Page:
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About This GigaPanToggle
- Taken by
- Gabrielle Mazza
- Explore score
- 0.52 Gigapixels
- Date added
- April 21, 2009
- Date taken
- April 20, 2009
GigapanMagazine.org vol 1 issue 1
A look inside St. Mary of Mercy Church in PIttsburgh, PA. A church that has and is serving many people in the downtown.
In 1868, a group of Irish immigrants living in the section of the City of Pittsburgh which is now known as "The Point,", established a parish which began with a small chapel that served as a mission of the Cathedral. The parish was placed under the patronage of the Blessed Virgin Mary under the title of Our Lady of Mercy, but in the course of time, it became known to the people of the Diocese of Pittsburgh as Saint Mary of the Point. The Right Reverend Monsignor Andrew Arnold Lambing. LL.D., noted area historian of the area, was appointed the first Pastor of Saint Mary of Mercy Church in 1874.
In less than fifty years, Saint Mary's was the center of a great missionary endeavor. The Missionary Confraternity of Christian Doctrine, founded in 1908, was organized principally to attend to the spiritual needs of Catholics living in the mining towns of Western Pennsylvania. Since its founding, approximately 80 missions were formed, from which numerous parishes were established in the Pittsburgh and Greensburg Dioceses.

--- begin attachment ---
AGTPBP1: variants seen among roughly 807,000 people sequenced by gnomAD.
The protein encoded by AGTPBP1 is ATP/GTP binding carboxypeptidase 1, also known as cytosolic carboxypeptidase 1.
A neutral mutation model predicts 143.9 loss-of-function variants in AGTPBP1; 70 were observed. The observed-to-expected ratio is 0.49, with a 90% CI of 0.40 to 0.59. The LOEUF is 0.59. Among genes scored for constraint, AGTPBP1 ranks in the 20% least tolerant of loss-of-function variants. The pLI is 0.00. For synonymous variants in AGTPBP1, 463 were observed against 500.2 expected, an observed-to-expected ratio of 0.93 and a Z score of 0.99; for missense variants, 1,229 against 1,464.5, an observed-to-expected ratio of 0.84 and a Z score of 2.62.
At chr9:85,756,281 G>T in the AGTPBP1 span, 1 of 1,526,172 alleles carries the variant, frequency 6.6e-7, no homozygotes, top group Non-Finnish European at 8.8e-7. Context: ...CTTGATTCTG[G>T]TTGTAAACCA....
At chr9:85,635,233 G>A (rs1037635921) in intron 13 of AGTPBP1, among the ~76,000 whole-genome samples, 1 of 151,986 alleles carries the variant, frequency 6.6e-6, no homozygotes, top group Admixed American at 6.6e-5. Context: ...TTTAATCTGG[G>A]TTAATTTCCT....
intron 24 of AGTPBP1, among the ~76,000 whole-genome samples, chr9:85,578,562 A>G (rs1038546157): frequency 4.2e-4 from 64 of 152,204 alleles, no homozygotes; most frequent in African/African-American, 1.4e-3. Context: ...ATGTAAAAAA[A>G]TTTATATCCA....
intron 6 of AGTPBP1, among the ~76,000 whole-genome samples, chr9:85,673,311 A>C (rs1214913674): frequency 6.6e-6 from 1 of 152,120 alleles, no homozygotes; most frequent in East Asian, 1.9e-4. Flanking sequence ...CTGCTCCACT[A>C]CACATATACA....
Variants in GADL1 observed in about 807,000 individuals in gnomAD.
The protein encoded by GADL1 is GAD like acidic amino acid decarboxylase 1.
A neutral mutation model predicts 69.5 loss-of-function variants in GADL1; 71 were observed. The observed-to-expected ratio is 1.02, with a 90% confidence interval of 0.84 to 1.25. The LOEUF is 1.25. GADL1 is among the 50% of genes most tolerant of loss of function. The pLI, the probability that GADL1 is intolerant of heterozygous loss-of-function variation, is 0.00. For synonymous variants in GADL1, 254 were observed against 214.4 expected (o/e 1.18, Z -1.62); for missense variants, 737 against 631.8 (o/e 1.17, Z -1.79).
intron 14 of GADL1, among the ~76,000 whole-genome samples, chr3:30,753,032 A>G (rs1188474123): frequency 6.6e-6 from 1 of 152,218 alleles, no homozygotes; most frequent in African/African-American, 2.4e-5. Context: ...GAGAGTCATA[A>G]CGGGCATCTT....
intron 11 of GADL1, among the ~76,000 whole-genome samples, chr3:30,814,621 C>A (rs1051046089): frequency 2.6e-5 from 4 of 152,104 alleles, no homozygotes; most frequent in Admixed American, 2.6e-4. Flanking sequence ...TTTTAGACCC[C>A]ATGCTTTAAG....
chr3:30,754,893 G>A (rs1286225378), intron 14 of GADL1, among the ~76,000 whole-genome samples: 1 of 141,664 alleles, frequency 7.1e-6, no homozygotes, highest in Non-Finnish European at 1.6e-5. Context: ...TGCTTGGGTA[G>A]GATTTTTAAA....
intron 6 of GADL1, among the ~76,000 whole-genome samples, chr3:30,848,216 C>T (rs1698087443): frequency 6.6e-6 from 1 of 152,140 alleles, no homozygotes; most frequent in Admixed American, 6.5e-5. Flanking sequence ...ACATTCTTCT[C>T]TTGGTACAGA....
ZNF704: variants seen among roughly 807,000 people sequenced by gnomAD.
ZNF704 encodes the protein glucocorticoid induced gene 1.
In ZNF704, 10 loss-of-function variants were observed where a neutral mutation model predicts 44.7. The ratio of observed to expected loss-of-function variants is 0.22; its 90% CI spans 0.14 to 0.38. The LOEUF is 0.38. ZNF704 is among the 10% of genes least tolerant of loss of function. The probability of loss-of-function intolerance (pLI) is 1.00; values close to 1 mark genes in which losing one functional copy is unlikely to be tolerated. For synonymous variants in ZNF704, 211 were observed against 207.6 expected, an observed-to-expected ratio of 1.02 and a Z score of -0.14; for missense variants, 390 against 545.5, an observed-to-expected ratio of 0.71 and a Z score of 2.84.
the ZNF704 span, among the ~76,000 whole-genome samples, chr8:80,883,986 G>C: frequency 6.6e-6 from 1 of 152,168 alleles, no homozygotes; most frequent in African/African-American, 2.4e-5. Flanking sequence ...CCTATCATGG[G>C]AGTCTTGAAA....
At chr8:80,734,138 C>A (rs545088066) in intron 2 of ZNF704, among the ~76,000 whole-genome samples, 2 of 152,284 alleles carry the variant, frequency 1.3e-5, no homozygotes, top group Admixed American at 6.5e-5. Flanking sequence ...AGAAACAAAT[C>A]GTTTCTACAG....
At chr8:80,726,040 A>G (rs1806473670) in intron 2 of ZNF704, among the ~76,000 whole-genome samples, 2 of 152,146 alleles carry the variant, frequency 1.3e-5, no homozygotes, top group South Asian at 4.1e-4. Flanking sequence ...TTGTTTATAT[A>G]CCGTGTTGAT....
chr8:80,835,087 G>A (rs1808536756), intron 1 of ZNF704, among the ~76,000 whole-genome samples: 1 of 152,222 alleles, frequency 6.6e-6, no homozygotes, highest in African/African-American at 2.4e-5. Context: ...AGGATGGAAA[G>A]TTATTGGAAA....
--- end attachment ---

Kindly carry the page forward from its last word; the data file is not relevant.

The present Saint Mary of Mercy Church, built in 1935, is the closest church to the location of the original Fort Duquesne.
It accommodates 850 people. Its unique interior arrangement is worth inspecting. Although it now has few parishioners, it serves hundreds of visitors weekly.
History points to Sieur Robert de La Salle as the first European to see the spot where the Monongahela and the Allegheny Rivers join to form the Ohio. It is very probable that his expedition was accompanied by chaplains, for it was customary with the French at that time. If so, it is likely that Mass was first celebrated within what is now Allegheny County in 1670, perhaps within the current limits of Pittsburgh.
It is certain that priests accompanied the second expedition of M de Lery to the Allegheny area in 1729 and also the expedition of Celoron de Blainville in 1749 and that Mass was offered within the present diocesan limits on those occasions. A permanent place of worship was established by the French within the stockade of Fort Duquesne, within two blocks of the present site of Saint Mary of Mercy Church.
The French forces arrived on the evening of April 16, 1754 and the following morning their chaplain, The Reverend Denys Baron, a Recollect Friar, celebrated the Mass. The chapel was built and dedicated under the title of "The Assumption of the Blessed Virgin of the Beautiful River."
On April 21, 1929, the one hundred seventy-fifth anniversary, the bronze historical marker now reposing on the north wall of Saint Mary of Mercy Church, was unveiled by the Most Reverend Bishop Hugh C. Boyle, following his celebration of Mass on that occasion